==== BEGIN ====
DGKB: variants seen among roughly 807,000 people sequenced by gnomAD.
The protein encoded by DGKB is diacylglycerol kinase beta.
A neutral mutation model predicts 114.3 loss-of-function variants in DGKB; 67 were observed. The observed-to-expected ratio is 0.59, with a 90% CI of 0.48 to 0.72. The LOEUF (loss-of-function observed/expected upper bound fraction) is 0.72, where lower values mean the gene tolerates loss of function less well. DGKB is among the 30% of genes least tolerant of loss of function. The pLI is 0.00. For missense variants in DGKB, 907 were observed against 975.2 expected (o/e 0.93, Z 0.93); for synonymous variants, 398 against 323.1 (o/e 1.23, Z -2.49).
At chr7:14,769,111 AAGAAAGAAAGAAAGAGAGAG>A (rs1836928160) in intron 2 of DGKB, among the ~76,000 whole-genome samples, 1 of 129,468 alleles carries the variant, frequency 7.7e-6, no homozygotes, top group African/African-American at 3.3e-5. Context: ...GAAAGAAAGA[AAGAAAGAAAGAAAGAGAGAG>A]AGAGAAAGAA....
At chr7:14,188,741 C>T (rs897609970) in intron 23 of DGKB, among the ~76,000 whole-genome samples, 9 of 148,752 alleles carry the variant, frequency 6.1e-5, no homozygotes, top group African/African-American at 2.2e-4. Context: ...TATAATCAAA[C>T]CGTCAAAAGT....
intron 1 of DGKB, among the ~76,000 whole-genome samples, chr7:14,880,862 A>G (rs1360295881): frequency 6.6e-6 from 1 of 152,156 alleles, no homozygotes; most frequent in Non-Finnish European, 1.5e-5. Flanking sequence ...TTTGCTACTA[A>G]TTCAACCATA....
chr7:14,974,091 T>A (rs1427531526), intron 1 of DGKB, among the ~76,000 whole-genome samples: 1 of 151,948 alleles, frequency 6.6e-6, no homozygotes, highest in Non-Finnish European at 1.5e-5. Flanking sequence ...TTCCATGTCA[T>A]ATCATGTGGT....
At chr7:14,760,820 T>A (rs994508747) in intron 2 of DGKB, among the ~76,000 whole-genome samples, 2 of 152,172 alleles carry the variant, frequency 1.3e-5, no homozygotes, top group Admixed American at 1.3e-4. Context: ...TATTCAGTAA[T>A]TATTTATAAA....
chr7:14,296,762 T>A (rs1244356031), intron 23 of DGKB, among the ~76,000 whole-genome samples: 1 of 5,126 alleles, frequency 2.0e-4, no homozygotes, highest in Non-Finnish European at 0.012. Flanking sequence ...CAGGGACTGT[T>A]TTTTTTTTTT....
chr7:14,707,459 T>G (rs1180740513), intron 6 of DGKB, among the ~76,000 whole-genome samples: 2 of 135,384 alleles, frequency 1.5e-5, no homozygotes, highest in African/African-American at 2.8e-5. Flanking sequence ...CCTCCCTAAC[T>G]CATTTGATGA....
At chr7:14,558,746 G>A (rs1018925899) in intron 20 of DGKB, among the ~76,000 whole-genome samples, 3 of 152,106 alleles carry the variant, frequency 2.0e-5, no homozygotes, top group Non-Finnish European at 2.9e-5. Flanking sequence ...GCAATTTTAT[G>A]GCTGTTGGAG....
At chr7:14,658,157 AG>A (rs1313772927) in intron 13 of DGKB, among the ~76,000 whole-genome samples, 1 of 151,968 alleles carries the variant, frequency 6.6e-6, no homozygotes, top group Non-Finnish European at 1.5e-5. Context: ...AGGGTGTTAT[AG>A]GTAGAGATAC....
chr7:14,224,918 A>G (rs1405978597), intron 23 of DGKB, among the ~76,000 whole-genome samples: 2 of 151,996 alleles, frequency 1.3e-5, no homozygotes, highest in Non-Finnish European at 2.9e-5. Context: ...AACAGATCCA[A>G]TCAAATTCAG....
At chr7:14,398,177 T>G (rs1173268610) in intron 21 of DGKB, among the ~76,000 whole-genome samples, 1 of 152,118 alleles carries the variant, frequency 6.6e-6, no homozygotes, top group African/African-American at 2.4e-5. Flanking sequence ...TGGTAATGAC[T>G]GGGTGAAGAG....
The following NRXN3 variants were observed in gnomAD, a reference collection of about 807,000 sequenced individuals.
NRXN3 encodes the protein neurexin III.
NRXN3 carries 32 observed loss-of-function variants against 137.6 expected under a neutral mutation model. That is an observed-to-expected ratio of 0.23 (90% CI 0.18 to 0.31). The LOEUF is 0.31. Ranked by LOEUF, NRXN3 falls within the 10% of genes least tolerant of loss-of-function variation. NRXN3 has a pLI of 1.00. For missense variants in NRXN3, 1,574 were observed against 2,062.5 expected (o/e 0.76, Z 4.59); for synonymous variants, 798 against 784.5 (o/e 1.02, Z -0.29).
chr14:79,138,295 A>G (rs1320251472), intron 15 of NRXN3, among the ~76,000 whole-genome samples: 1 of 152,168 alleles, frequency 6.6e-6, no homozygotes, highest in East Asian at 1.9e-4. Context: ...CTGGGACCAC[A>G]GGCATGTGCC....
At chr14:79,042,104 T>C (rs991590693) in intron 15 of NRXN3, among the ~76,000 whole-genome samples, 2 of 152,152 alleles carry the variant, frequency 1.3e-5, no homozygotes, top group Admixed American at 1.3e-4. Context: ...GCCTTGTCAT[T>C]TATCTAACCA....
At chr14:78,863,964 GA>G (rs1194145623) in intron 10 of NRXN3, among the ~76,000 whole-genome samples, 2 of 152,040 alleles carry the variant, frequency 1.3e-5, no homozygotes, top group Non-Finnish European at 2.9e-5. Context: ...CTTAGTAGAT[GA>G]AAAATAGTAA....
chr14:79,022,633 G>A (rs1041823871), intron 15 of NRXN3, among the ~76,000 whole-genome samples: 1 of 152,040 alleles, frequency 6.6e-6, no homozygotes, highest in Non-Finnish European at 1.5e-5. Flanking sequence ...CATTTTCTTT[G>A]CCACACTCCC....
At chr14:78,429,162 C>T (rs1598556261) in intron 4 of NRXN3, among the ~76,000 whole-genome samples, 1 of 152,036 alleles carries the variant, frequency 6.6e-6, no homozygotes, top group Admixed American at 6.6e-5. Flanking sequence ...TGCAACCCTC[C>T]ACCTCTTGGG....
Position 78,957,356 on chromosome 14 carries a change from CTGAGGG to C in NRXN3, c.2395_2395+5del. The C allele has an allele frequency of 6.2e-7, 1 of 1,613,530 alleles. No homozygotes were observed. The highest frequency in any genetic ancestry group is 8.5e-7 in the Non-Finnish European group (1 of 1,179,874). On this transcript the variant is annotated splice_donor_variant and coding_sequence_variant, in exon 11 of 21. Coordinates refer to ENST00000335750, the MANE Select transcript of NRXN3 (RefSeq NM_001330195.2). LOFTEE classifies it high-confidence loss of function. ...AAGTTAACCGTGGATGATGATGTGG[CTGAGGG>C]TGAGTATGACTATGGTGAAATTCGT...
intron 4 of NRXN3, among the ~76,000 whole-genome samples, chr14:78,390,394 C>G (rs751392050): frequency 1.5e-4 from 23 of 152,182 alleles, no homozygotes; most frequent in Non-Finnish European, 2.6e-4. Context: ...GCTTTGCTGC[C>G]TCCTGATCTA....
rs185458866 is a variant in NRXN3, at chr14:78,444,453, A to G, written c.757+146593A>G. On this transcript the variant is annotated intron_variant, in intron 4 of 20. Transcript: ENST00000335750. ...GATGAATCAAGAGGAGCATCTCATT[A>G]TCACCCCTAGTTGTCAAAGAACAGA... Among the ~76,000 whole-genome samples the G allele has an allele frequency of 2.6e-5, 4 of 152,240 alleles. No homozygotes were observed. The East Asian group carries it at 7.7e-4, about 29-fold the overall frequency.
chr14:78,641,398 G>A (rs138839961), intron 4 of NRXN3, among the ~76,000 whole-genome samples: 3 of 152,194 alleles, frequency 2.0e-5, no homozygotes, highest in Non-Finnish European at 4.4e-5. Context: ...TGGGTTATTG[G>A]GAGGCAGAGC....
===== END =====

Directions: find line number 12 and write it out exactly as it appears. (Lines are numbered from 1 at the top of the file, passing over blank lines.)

At chr7:14,658,157 AG>A (rs1313772927) in intron 13 of DGKB, among the ~76,000 whole-genome samples, 1 of 151,968 alleles carries the variant, frequency 6.6e-6, no homozygotes, top group Non-Finnish European at 1.5e-5. Context: ...AGGGTGTTAT[AG>A]GTAGAGATAC....